Breaking news has revealed that due to another cloud storage misconfiguration, over 120 million Americans across billions of data points are said to have been affected. The issue is said to have occurred after an Amazon Web Services S3 cloud storage bucket was left exposed and open to the public internet. IT security experts are commented below.
Tim Erlin, VP of Product Management and Strategy at Tripwire:
“If you’re using Amazon S3 storage, or any cloud storage, you need to be monitoring its configuration. There’s no excuse for failing to keep tabs on this particular misconfiguration.
The rash of AWS S3 leaks isn’t the result of malicious attackers. These are misconfigurations that have put sensitive data at risk. Organizations have to manage their configurations securely, whether in traditional infrastructure, or in the cloud.”
Ryan Wilk, Vice President at NuData Security:
“While Alteryx is trying to downplay this slightly negligent breach, in all reality it is very serious and will have long lasting effects, not only on adults, but also on children end the elderly. It is this type of valuable consumer identifiable information that hackers are working endlessly to obtain. Securing data should be a top priority at all companies. The mishandling of data through online databases or via a third party is no longer a valid excuse in the eyes of the public. These are sloppy practices that can be easily remedied by following simple but effective security techniques. Companies need to take a pro-active stance to secure all data and make security part of their core business practice. As we have seen in the EU with GDPR, it is time for companies to take responsibility and use best practices when securing data that they are simply the custodian of, not the true owner.”
Atiq Raza, CEO at Virsec Systems:
“This is the latest example of organizations not applying stringent security to data in the cloud, and then underestimating the potential damage. Private information across multiple fields such as addresses and banking info can easily be correlated with names. While hopefully the data was not breached, it was clearly exposed, unencrypted, and could easily have been accessed by any hacker.”
David Vergara, Head of Global Product Marketing at VASCO Data Security:
“In isolation, this data leak event may not appear to be a big deal. However, the volume and detailed consumer data already available on the dark web makes assembling and validating more complete identities relatively easy using this data. As other experts have noted, it’s ludicrous to believe that this data couldn’t be used by cybercriminals to boost fraud success with higher value targets. All consumers should use some defensive measures to protect their identities, ranging from simple alerts on account activities to security freezes with reporting bureaus. Additionally, good security hygiene means that businesses should quickly move away from weak static passwords, and deploy multi-factor authentication – it is inexpensive and orders of magnitude more secure.”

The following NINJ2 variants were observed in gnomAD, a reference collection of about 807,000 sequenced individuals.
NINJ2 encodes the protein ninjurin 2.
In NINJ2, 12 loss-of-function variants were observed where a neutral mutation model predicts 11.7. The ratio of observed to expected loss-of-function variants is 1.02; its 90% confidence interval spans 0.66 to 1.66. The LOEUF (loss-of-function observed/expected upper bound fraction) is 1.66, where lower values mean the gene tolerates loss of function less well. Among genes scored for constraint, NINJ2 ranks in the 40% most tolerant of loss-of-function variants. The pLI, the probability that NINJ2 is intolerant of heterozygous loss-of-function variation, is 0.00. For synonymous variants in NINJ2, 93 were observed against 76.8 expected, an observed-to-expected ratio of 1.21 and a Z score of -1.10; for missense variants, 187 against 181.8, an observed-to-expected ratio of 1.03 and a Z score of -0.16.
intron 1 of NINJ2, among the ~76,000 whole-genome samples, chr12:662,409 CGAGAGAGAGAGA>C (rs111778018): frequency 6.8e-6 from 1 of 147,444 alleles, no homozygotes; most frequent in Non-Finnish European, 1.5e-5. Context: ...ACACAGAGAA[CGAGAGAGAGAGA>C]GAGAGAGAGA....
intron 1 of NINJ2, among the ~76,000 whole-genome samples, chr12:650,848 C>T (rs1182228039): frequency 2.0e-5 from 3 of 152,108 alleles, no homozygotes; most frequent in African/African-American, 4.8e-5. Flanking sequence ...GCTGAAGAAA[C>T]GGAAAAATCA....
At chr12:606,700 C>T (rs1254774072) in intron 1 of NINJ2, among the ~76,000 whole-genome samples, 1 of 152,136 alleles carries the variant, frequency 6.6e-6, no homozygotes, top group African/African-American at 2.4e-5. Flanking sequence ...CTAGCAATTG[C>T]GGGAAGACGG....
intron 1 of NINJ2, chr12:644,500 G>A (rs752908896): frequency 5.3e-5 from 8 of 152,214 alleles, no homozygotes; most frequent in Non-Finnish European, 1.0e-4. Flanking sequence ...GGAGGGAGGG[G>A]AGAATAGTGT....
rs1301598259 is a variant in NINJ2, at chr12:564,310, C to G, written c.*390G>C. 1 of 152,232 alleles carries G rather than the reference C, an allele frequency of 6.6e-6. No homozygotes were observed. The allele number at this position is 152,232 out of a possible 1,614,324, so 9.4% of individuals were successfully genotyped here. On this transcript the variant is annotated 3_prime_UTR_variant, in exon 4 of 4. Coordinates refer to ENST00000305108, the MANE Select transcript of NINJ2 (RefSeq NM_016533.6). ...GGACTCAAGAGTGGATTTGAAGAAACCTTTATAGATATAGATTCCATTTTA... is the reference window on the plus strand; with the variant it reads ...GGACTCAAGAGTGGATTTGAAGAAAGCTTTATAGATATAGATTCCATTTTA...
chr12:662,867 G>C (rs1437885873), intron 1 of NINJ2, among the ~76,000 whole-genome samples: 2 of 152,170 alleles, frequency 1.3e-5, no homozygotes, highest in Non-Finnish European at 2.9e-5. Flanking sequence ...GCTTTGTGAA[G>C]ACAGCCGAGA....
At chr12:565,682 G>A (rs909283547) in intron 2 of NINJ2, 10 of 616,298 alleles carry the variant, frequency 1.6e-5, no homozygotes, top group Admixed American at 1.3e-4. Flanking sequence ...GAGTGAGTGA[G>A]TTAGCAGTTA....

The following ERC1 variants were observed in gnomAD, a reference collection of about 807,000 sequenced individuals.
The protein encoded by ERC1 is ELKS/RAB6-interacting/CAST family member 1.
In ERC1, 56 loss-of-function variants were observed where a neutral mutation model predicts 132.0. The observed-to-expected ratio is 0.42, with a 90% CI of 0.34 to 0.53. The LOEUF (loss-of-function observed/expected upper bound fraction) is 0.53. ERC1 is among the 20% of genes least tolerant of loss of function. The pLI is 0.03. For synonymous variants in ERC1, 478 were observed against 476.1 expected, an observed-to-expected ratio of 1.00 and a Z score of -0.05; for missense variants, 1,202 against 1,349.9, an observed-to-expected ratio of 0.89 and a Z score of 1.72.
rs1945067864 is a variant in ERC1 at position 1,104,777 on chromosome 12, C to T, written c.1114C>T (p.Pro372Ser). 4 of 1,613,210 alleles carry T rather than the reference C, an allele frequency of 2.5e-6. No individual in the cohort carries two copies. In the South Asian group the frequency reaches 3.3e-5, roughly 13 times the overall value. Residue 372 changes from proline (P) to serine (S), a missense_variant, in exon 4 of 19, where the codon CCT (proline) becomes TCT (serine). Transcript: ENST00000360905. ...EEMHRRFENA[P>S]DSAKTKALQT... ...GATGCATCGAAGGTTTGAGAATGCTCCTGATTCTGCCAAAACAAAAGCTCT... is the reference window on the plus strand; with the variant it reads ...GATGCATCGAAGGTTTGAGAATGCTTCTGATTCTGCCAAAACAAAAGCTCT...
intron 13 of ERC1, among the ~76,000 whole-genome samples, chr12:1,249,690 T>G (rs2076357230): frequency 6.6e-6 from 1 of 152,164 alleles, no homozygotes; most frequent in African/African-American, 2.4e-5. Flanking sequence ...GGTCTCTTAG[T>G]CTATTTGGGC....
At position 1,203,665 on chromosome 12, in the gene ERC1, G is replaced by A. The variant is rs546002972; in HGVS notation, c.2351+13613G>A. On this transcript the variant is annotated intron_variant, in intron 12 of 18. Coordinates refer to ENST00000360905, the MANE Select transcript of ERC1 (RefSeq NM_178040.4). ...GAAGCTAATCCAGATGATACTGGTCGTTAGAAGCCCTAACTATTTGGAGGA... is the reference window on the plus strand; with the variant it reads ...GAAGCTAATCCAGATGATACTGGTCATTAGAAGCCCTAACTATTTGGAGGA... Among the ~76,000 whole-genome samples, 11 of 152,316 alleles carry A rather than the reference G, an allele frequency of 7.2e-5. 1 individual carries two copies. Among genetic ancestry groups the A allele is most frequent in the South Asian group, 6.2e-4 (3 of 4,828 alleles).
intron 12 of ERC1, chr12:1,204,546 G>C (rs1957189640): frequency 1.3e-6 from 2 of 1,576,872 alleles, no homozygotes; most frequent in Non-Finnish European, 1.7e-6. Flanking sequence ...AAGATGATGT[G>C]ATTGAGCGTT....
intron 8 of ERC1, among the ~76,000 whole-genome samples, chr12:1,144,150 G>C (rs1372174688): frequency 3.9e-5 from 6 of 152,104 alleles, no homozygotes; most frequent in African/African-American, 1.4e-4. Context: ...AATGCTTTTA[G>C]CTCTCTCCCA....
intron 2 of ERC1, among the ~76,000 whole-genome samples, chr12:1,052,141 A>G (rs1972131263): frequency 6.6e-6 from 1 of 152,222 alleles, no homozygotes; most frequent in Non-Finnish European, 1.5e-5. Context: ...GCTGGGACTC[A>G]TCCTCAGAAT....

Rich Campagna, CEO at Bitglass:
“This ConsumerView leak is the latest of several big cloud incidents in 2017 and one of the largest AWS misconfiguration leaks we’ve seen to date. These incidents continue to pose a major threat to data security and call for all organisations to re-evaluate their cloud security posture and processes. Despite its scale, this data leak could have been avoided by using specific data-centric security tools, which can ensure appropriate configuration of cloud services, deny unauthorised access, and encrypt sensitive data at rest.”
Thomas Fischer, Global Security Advocate at Digital Guardian:
“Driven by new computing platforms such as AWS, businesses now face threat vectors that simply would not have existed even a few years ago. The introduction of cloud services has added a whole new level of complexity to security policies and it’s much harder to implement security controls in shared environments such as IaaS. In 2017 alone we’ve seen plenty of evidence of businesses using AWS buckets that don’t understand how to properly secure their cloud data.
This particular incident could likely have been avoided if Experian had properly validated how Alteryx was using and securing the test data. Companies must have policies in place to only share pseudonomised data or ensure all shared data is in an encrypted format.”